8635 A1A South
St. Augustine, Florida 32080
Visit Fort Matanzas on our Interactive Map.
Fort Matanzas National Monument was built in 1742 to defend the city of St. Augustine from British attack. Located just 15 miles south of St. Augustine, it has stood in the Matanzas Inlet for well over 250 years. A remnant of Florida’s Spanish past, today the fort is maintained by the National Park Service and is open to the public from 9 AM to 5:30 PM everyday. Visitors to Fort Matanzas have to take a short ride on a passenger ferry that runs every hour, beginning at 9:30 every morning. It is FREE to go to Fort Matanzas, both the ferry and admission are offered to the public at no cost.
Fort Matanzas has a long past, in-arguably connected with the founding of St. Augustine by Pedro Menendez de Aviles. In 1565, Menendez killed over 250 French Huguenots upon the shores of this inlet; the famed Jean Ribault was one of these Frenchmen. Due to the history of the site the Spanish named both fort and the inlet “Matanzas,” meaning “slaughters” in English, a name carried on to this day.
It is believed that a small wooden watchtower was always present on the inlet to guard the watery ‘back door entrance’ to St. Augustine. The fort visitors see today was not built until British attacks increased along the Florida coast in the 1740s. Visitors will note some similarities between the construction of St. Augustine’s fort, the Castillo de San Marcos and Fort Matanzas, because both are made of Coquina. Coquina is a naturally occurring stone made along Florida East coast, composed of shell fragments that are cemented together by the pounding surf upon the beach. This stone is easy to quarry and provided the Spanish with ample building material that was impenetrable to fire.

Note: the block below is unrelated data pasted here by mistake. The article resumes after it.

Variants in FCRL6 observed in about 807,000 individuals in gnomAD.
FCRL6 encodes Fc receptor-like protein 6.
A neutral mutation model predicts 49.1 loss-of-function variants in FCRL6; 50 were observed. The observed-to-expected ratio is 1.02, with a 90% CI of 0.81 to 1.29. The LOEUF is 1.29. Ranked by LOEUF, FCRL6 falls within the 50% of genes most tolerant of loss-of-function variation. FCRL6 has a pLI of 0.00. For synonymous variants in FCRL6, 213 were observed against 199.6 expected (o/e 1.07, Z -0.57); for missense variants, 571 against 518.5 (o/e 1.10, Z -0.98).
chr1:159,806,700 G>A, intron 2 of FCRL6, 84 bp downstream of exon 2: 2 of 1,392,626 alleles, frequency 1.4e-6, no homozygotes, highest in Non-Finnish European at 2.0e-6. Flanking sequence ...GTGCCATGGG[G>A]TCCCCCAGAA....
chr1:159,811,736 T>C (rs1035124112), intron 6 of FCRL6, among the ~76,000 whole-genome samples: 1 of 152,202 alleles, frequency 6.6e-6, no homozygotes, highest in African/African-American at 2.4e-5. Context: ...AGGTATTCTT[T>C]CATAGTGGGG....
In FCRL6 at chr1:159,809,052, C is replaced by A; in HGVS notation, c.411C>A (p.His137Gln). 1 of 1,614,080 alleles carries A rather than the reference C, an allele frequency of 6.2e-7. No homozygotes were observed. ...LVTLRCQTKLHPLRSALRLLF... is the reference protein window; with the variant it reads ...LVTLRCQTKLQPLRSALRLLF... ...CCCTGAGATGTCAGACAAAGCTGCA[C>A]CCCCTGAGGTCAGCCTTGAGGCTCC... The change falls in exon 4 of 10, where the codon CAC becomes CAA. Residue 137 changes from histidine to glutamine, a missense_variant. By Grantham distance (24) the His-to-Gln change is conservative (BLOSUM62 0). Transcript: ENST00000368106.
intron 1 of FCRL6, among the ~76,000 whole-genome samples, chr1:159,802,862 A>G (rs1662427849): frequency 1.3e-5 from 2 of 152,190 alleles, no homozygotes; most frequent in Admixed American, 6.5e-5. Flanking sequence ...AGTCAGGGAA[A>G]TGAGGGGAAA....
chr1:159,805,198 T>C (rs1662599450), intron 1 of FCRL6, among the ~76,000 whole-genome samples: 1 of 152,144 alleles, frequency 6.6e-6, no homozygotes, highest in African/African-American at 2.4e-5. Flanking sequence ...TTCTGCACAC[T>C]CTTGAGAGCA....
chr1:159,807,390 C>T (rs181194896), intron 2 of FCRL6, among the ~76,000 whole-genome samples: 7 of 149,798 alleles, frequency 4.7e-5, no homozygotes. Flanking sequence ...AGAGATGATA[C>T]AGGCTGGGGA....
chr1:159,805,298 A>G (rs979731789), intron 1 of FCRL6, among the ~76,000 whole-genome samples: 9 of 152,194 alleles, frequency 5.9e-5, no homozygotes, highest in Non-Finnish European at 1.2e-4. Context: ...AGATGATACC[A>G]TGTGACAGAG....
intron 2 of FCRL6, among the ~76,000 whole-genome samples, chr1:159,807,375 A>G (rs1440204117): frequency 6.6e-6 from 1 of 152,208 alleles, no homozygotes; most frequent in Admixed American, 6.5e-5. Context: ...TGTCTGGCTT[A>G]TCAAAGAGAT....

At Fort Matanzas you will find reenactments and demonstrations of a time long ago. A re-enactor is onsite almost everyday during the summer, relaying the history of the fort to visitors. On Wednesdays and Saturdays (weather permitting) Musket Demonstrations are given on the hour from 12:30 to 3:30. This monument is a standing reminder of Florida’s past. The inlets rich history and old walls of the Fort tell a story that is hard to accurately relay in words. Visit this monument, and its counterpart, the Castillo de San Marcos, to learn more about Spanish fortification during your stay on Florida’s historic coast.
Hours of Operation
Daily 9:00am - 5:30pm